My interest in F1 racing has only been a recent development. Before I got into the exhilaration that the sport provides, I used to think it was dull and drab. The races were always the same with Schumacher winning, and there was barely ever a change from the starting grid to the finishing post. Apparently, I was not alone in feeling this.

PhotobucketFast forward 10 years or so and F1 has changed. Rules have been introduced to encourage overtaking with DRS and KERS being the technology that gives the cars just that little bit of horsepower to nudge past their opponent. Excitement in real life sometimes does not translate well to games, with racing games having a higher potential of being a failure when compared to the multi-coloured kart racers that inhabit the market. F1 2012 has been successful in recent years, with each new game improving on the last. Could this be the point that the series takes a nose dive or are Codemasters taking this licence from strength to strength?

F1 2012 takes in the world over the course of 20 races, with new tracks being introduced each year whilst others are taking away. This may sound like a lot of races, but for a yearly installment, it doesn’t really give the developers too much room for expansion. If FIFA can do it and remain the number 1 selling game in the UK then why can’t Codies do it with F1? The answer is they can.

Inspired, but not directly, by the driving tests in Gran Turismo and real life driver tests (not the ones with three point turns), the New Young Driver Test is a welcome addition to the series. Challenging you as a new driver, the test makes you prove yourself as a serious contender in the game whilst also being a refreshing and lenient introduction into the game. Lenient, as when you take off all support, F1 2012 goes from being a careless mother to an unrelenting bitch of a game.

PhotobucketNarrative led games have emotion; They are written by highly skilled craftsmen and women who have written and paced stories for years. Sports games really shouldn’t bring with them such raw emotion, but F1 2012 does and how it builds it is done with precision. Straight from the off, you are met with a Tron inspired menu music that builds and builds, all whilst you are choosing what option to play with. If you then choose career, your fate is determined by the team that you pick. It’s all very well done and a testament to the amount of research put in. This is only the starting point, as the raw emotion builds when you do a full championship weekend. This is no throwaway 3 lap race with emotions running high and the slightest slip up being the difference between success and sliding all the way down to the back of the pack. There is nothing like watching someone play through the practice and qualifying only to watch them spin out on the 5th from last lap having been side-checked by Maldonardo. Games imitate life and that is why F1 2012 excels.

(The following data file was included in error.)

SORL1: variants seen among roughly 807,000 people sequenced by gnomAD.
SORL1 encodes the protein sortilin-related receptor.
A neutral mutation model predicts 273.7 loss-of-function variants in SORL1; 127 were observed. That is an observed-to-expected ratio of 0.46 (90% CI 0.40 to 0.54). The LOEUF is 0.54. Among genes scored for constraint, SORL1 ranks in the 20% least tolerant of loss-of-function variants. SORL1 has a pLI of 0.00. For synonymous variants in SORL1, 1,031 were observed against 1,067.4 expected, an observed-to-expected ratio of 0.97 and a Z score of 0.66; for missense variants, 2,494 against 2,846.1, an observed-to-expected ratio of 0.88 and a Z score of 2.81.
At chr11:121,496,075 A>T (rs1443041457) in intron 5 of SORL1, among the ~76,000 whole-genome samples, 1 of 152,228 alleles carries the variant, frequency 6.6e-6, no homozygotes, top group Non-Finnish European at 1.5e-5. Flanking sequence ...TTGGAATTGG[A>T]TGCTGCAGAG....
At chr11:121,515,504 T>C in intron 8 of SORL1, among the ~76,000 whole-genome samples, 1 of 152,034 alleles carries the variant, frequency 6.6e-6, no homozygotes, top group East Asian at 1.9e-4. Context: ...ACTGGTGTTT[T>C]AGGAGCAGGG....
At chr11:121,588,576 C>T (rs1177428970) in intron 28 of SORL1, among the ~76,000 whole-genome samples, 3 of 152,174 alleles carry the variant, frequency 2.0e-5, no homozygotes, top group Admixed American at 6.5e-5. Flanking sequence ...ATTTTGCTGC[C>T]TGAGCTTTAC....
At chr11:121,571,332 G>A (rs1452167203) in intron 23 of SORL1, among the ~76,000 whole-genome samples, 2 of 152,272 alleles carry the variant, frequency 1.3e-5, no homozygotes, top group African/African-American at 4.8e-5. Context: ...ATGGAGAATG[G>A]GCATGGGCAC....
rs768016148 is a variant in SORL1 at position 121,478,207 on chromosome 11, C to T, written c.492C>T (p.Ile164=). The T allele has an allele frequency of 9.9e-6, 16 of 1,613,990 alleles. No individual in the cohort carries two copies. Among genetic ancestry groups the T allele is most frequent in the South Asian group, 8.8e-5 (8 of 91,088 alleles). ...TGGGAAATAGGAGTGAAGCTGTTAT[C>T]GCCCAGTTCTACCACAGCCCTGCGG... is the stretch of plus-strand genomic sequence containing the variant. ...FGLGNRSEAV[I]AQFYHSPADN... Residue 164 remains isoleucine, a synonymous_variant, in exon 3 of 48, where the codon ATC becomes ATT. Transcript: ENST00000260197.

If you want to, you can tweak your car to your hearts content or drive with all the assists on, which really reduces any excitement in the game. If you are going to play F1 2012 properly, dive in at the deep end, prepare to struggle but ultimately, the payoff will be worth it. Overall, the gameplay is only for the purist; for someone who has the dedication to persist. F1 2012 is not for the casual gamer, wait for the much anticipated F1 Race Stars to get your fix of drifting.

PhotobucketVisuals whizz by you at Crazy Taxi pace whilst you attempt to keep the nose cone of your high powered beast pointing in the right direction. These visuals that you hardly see are not airbrushed trees like in past games, but fully recreated and authentic versions of their real life counterparts. The tunnel in Monte Carlo is visualized perfectly, with the engines reverberating off the tunnel ceiling as if you were following Vettel during a live race. The lights of Singapore burn your eyes as you try to understand why they would allow a track with so many 90 degree turns. F1 2012 is a beautiful game and one that should be experienced from both the drivers and the passengers seat.

Local multiplayer allows you to compete against mates but lacks the real beef of the co-op career, which would be a real plus. Hopefully something that can be made local in future installments.

F1 2012 is a great game, with not many faults. Loading times between options screens are a minor niggle but one that really sticks out during races as it breaks up the immersive experience. Regardless, if you are a fan of the sport, then it’s a must buy.